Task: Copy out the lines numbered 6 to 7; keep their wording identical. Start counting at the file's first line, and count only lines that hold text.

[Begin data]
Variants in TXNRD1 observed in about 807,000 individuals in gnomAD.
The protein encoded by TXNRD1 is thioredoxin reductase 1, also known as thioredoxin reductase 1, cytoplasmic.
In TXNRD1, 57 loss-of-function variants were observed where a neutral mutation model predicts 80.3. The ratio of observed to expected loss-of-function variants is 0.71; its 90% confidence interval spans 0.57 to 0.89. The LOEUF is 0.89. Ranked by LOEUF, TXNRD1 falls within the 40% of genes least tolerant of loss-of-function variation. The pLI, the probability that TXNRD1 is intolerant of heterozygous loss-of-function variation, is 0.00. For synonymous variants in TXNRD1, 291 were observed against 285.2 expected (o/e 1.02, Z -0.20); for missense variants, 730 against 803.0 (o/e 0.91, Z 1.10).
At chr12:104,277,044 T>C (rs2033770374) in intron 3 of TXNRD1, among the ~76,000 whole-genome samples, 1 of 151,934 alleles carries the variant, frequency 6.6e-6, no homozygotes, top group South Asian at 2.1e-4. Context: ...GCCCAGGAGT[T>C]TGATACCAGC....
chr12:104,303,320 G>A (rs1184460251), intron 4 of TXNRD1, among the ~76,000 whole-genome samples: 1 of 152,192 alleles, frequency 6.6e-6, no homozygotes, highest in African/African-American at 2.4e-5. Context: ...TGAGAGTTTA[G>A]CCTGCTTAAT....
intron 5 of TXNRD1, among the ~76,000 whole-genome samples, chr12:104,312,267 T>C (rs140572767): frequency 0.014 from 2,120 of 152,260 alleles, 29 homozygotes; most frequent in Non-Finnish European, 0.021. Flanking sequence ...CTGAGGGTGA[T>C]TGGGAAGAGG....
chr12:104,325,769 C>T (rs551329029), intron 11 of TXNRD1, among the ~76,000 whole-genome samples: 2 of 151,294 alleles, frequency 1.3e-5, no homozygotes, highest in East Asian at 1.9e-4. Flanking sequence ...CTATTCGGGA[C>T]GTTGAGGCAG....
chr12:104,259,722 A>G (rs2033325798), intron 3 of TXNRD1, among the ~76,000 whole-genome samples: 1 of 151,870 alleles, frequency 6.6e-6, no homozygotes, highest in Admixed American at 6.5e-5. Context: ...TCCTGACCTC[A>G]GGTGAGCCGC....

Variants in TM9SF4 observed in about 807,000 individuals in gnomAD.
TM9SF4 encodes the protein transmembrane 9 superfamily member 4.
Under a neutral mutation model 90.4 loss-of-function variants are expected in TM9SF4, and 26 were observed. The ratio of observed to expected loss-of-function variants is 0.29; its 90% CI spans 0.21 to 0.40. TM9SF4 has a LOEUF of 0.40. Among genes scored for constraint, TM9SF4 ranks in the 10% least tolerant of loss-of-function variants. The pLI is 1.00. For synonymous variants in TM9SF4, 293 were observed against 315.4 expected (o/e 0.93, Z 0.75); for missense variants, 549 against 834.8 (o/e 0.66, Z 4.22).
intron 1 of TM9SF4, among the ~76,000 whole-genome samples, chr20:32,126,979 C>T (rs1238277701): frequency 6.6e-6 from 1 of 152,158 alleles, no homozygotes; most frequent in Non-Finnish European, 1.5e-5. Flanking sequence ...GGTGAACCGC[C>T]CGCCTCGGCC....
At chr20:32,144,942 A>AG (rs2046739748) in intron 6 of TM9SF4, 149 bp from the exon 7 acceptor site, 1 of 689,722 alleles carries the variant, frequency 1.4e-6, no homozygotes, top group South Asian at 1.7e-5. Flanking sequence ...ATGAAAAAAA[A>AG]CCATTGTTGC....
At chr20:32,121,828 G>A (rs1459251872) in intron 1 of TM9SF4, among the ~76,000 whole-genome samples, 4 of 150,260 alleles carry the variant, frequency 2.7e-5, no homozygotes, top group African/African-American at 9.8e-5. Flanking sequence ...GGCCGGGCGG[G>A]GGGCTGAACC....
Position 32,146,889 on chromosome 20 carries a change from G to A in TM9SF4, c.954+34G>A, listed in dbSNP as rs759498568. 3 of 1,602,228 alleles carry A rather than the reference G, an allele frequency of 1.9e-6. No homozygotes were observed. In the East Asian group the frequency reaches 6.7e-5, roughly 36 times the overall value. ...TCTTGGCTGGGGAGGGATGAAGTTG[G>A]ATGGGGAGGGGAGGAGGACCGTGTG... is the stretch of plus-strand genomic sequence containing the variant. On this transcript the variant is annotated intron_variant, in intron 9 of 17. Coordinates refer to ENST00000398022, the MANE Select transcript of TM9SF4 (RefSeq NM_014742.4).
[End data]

intron 5 of TXNRD1, among the ~76,000 whole-genome samples, chr12:104,312,267 T>C (rs140572767): frequency 0.014 from 2,120 of 152,260 alleles, 29 homozygotes; most frequent in Non-Finnish European, 0.021. Flanking sequence ...CTGAGGGTGA[T>C]TGGGAAGAGG....
chr12:104,325,769 C>T (rs551329029), intron 11 of TXNRD1, among the ~76,000 whole-genome samples: 2 of 151,294 alleles, frequency 1.3e-5, no homozygotes, highest in East Asian at 1.9e-4. Flanking sequence ...CTATTCGGGA[C>T]GTTGAGGCAG....